You can also use social tagging to associate individuals with a topic, expertise, or other relevant category. You can do this for yourself or for others, and the tags are displayed in a tag cloud or as a list on an individual's Profiles page, providing a quick way for users to locate individuals associated with a topic.

Profiles architecture

Figure 1 shows how IBM Connections conforms to a service-oriented architecture (SOA). Each service is a set of enterprise archive (EAR) files that are installed on a web server and store data in a relational database. All the requests are pure HTTP requests, and the dominant means of access is via a web browser.

Figure 1. Profiles architecture
Image showing a typical Profiles architecture

The IBM Connections services are stand-alone web applications that are accessible not only through a browser but also through feed readers. Feed reader data is reverse proxy cacheable, so the application does not have to regenerate the feed every time the client polls. The proxy server stores the page, asks whether there are any changes, and provides a timely response.

Every Profiles component has its own database. The Profiles database, PEOPLEDB, is populated by IBM Tivoli® Directory Integrator (TDI). TDI uses assembly lines to extract data from disparate repositories, and then uses a separate assembly line to populate the profiles database. Profiles uses TDI for aggregating and synchronizing multiple user repositories into the Profiles database.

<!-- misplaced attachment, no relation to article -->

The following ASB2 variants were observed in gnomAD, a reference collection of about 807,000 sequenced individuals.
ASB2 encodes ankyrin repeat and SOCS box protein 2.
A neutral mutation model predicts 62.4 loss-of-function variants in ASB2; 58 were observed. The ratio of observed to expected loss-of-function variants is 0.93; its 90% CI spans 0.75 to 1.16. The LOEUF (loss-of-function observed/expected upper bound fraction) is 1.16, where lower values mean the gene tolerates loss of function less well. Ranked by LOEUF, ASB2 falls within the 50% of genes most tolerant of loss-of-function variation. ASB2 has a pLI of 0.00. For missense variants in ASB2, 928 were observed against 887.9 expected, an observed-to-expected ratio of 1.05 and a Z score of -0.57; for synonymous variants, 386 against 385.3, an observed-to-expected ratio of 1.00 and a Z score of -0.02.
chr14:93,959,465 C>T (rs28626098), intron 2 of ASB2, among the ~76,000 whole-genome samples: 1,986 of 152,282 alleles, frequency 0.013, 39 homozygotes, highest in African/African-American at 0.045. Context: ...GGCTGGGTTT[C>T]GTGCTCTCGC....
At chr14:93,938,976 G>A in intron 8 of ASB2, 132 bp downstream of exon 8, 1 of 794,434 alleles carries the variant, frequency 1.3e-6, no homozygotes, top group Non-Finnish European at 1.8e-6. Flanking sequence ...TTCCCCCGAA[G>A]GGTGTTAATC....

As mentioned in Installing IBM Connections 3.0.1, IBM Connections 3.0.1 includes a restricted license of TDI that you can use to populate user profile information with data from human resources (HR) or customer relationship management (CRM) applications.

Profiles and data synchronization

As employees come and go from an organization, the corporate directory changes, and there are steps administrators must take to ensure that those changes are reflected in the product. IBM Connections membership tables need to be kept up to date with these changes.

Keeping up with changes

TDI connectors enable administrators to read or write data from LDAP directories, relational databases, file system resources, and so on as well as write custom scripts to parse and manipulate data before it is written to the target system. In many cases, a custom TDI assembly line can be created and tested in just a few hours.

There are a two ways to keep the member tables up to date:

  • If the Profiles application is installed, when you inactivate a user or make changes to user data (such as change a person's last name or email address in the Profiles database), that change is automatically pushed out to the membership and login tables of the other IBM Connections applications.